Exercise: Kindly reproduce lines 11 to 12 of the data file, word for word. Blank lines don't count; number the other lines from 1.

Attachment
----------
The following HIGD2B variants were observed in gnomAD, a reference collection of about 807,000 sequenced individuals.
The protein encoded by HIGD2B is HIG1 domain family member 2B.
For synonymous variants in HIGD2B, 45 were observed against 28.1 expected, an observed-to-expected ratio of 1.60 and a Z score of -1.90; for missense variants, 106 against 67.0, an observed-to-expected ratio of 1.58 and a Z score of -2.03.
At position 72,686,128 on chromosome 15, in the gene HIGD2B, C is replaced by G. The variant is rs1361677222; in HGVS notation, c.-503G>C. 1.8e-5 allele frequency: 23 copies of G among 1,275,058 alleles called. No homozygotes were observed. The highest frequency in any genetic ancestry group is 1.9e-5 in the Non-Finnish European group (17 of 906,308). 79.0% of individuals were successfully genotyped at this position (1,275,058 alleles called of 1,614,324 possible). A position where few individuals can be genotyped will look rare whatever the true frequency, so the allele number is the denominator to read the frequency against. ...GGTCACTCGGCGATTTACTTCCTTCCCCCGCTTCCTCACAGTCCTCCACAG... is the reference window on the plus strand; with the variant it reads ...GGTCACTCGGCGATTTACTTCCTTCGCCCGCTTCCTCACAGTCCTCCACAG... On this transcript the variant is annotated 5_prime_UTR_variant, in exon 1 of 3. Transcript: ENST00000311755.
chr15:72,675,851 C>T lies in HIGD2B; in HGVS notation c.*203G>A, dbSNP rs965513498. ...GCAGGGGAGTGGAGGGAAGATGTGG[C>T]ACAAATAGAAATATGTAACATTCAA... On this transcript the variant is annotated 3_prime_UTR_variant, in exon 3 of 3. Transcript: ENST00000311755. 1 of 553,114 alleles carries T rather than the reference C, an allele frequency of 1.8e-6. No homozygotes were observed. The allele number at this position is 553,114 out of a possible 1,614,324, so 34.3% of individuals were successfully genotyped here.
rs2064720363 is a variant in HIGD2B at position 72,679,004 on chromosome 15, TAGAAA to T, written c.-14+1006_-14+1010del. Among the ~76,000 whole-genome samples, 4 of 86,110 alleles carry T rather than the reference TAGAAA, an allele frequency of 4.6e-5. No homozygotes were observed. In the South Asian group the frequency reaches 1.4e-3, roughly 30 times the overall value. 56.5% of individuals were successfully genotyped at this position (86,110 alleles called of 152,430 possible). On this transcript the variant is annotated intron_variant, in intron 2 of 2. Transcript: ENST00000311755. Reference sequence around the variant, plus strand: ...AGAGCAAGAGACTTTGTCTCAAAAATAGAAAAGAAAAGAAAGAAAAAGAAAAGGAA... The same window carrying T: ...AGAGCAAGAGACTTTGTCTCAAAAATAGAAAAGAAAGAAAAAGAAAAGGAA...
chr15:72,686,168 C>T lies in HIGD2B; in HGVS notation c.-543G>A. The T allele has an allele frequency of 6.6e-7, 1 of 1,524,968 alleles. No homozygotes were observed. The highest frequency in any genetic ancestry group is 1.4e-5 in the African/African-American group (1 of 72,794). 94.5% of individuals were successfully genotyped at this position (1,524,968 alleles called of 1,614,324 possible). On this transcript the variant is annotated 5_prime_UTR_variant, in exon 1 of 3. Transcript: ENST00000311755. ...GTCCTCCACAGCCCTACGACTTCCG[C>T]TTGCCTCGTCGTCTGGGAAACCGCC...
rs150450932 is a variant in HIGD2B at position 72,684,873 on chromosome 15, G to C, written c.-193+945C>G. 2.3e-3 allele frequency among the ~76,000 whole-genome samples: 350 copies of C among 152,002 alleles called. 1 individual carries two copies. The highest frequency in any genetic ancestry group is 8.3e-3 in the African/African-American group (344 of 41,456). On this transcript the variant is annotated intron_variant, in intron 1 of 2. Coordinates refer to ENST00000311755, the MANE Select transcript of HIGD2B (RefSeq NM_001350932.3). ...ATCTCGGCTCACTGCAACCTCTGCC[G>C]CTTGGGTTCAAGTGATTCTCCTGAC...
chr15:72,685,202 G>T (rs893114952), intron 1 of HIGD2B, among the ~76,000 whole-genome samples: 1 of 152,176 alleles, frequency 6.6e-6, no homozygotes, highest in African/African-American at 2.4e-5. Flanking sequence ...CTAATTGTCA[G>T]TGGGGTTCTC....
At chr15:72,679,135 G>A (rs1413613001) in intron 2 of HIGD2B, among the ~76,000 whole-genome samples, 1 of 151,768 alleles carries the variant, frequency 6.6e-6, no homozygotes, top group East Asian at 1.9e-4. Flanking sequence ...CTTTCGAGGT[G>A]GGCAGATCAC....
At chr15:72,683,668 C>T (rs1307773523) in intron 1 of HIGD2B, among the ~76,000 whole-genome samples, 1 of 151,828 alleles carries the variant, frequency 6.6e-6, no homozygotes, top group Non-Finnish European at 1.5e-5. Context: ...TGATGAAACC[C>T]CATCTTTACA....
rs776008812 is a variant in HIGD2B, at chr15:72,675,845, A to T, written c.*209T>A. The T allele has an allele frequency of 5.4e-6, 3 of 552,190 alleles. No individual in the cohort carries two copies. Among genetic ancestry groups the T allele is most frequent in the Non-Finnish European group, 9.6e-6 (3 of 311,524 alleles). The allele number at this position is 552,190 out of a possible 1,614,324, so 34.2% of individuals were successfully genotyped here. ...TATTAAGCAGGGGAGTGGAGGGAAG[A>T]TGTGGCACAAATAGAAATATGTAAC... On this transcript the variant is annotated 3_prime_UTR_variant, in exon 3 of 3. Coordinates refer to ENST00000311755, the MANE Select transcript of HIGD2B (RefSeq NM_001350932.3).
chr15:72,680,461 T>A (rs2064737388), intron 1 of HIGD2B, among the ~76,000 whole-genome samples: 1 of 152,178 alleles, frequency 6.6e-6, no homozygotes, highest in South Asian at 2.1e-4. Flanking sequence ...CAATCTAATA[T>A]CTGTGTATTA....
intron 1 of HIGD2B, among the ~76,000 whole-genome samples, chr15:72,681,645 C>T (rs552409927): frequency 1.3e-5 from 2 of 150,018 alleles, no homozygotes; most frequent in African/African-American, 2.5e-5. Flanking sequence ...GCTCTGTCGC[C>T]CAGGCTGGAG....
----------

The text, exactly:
At chr15:72,683,668 C>T (rs1307773523) in intron 1 of HIGD2B, among the ~76,000 whole-genome samples, 1 of 151,828 alleles carries the variant, frequency 6.6e-6, no homozygotes, top group Non-Finnish European at 1.5e-5. Context: ...TGATGAAACC[C>T]CATCTTTACA....
rs776008812 is a variant in HIGD2B, at chr15:72,675,845, A to T, written c.*209T>A. The T allele has an allele frequency of 5.4e-6, 3 of 552,190 alleles. No individual in the cohort carries two copies. Among genetic ancestry groups the T allele is most frequent in the Non-Finnish European group, 9.6e-6 (3 of 311,524 alleles). The allele number at this position is 552,190 out of a possible 1,614,324, so 34.2% of individuals were successfully genotyped here. ...TATTAAGCAGGGGAGTGGAGGGAAG[A>T]TGTGGCACAAATAGAAATATGTAAC... On this transcript the variant is annotated 3_prime_UTR_variant, in exon 3 of 3. Coordinates refer to ENST00000311755, the MANE Select transcript of HIGD2B (RefSeq NM_001350932.3).